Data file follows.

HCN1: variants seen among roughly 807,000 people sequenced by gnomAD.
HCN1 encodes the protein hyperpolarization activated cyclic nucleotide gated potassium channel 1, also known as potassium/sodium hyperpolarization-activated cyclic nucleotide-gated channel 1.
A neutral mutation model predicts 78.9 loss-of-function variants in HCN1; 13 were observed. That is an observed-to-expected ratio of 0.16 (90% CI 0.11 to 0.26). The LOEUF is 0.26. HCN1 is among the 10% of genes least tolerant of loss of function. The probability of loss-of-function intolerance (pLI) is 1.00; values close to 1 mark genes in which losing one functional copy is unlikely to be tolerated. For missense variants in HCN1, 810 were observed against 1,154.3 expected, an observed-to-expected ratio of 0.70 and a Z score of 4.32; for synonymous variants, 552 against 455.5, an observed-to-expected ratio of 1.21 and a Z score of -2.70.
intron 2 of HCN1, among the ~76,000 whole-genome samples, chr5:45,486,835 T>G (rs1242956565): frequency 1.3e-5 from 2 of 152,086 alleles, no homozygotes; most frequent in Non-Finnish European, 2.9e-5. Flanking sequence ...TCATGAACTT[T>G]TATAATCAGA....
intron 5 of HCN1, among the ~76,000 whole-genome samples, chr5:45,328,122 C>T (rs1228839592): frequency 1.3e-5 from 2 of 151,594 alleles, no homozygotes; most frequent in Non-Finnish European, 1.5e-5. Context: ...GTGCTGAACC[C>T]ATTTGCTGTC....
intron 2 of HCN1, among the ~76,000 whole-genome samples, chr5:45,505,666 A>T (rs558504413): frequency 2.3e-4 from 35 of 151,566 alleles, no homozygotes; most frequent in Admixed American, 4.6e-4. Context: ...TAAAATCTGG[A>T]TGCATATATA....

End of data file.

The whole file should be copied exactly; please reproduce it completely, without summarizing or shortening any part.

HCN1: variants seen among roughly 807,000 people sequenced by gnomAD.
HCN1 encodes the protein hyperpolarization activated cyclic nucleotide gated potassium channel 1, also known as potassium/sodium hyperpolarization-activated cyclic nucleotide-gated channel 1.
A neutral mutation model predicts 78.9 loss-of-function variants in HCN1; 13 were observed. That is an observed-to-expected ratio of 0.16 (90% CI 0.11 to 0.26). The LOEUF is 0.26. HCN1 is among the 10% of genes least tolerant of loss of function. The probability of loss-of-function intolerance (pLI) is 1.00; values close to 1 mark genes in which losing one functional copy is unlikely to be tolerated. For missense variants in HCN1, 810 were observed against 1,154.3 expected, an observed-to-expected ratio of 0.70 and a Z score of 4.32; for synonymous variants, 552 against 455.5, an observed-to-expected ratio of 1.21 and a Z score of -2.70.
intron 2 of HCN1, among the ~76,000 whole-genome samples, chr5:45,486,835 T>G (rs1242956565): frequency 1.3e-5 from 2 of 152,086 alleles, no homozygotes; most frequent in Non-Finnish European, 2.9e-5. Flanking sequence ...TCATGAACTT[T>G]TATAATCAGA....
intron 5 of HCN1, among the ~76,000 whole-genome samples, chr5:45,328,122 C>T (rs1228839592): frequency 1.3e-5 from 2 of 151,594 alleles, no homozygotes; most frequent in Non-Finnish European, 1.5e-5. Context: ...GTGCTGAACC[C>T]ATTTGCTGTC....
intron 2 of HCN1, among the ~76,000 whole-genome samples, chr5:45,505,666 A>T (rs558504413): frequency 2.3e-4 from 35 of 151,566 alleles, no homozygotes; most frequent in Admixed American, 4.6e-4. Context: ...TAAAATCTGG[A>T]TGCATATATA....